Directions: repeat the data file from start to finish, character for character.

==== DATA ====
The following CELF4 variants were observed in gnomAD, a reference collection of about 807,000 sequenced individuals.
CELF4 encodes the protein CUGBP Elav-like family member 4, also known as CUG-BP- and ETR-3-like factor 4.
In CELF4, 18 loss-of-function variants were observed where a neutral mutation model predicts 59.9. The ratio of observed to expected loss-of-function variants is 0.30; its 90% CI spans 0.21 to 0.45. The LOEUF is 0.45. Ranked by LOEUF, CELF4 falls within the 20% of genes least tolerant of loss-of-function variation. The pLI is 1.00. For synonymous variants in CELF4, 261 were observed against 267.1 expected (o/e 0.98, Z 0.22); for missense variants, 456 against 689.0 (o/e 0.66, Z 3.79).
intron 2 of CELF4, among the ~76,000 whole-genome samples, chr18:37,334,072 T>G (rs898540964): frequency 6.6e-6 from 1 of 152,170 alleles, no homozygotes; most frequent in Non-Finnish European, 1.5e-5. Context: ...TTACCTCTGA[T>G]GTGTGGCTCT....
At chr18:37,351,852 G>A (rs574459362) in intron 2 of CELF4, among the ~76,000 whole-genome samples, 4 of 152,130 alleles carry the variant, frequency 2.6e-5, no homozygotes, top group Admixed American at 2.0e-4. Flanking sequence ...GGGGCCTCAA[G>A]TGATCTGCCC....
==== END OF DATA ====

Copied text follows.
The following CELF4 variants were observed in gnomAD, a reference collection of about 807,000 sequenced individuals.
CELF4 encodes the protein CUGBP Elav-like family member 4, also known as CUG-BP- and ETR-3-like factor 4.
In CELF4, 18 loss-of-function variants were observed where a neutral mutation model predicts 59.9. The ratio of observed to expected loss-of-function variants is 0.30; its 90% CI spans 0.21 to 0.45. The LOEUF is 0.45. Ranked by LOEUF, CELF4 falls within the 20% of genes least tolerant of loss-of-function variation. The pLI is 1.00. For synonymous variants in CELF4, 261 were observed against 267.1 expected (o/e 0.98, Z 0.22); for missense variants, 456 against 689.0 (o/e 0.66, Z 3.79).
intron 2 of CELF4, among the ~76,000 whole-genome samples, chr18:37,334,072 T>G (rs898540964): frequency 6.6e-6 from 1 of 152,170 alleles, no homozygotes; most frequent in Non-Finnish European, 1.5e-5. Context: ...TTACCTCTGA[T>G]GTGTGGCTCT....
At chr18:37,351,852 G>A (rs574459362) in intron 2 of CELF4, among the ~76,000 whole-genome samples, 4 of 152,130 alleles carry the variant, frequency 2.6e-5, no homozygotes, top group Admixed American at 2.0e-4. Flanking sequence ...GGGGCCTCAA[G>A]TGATCTGCCC....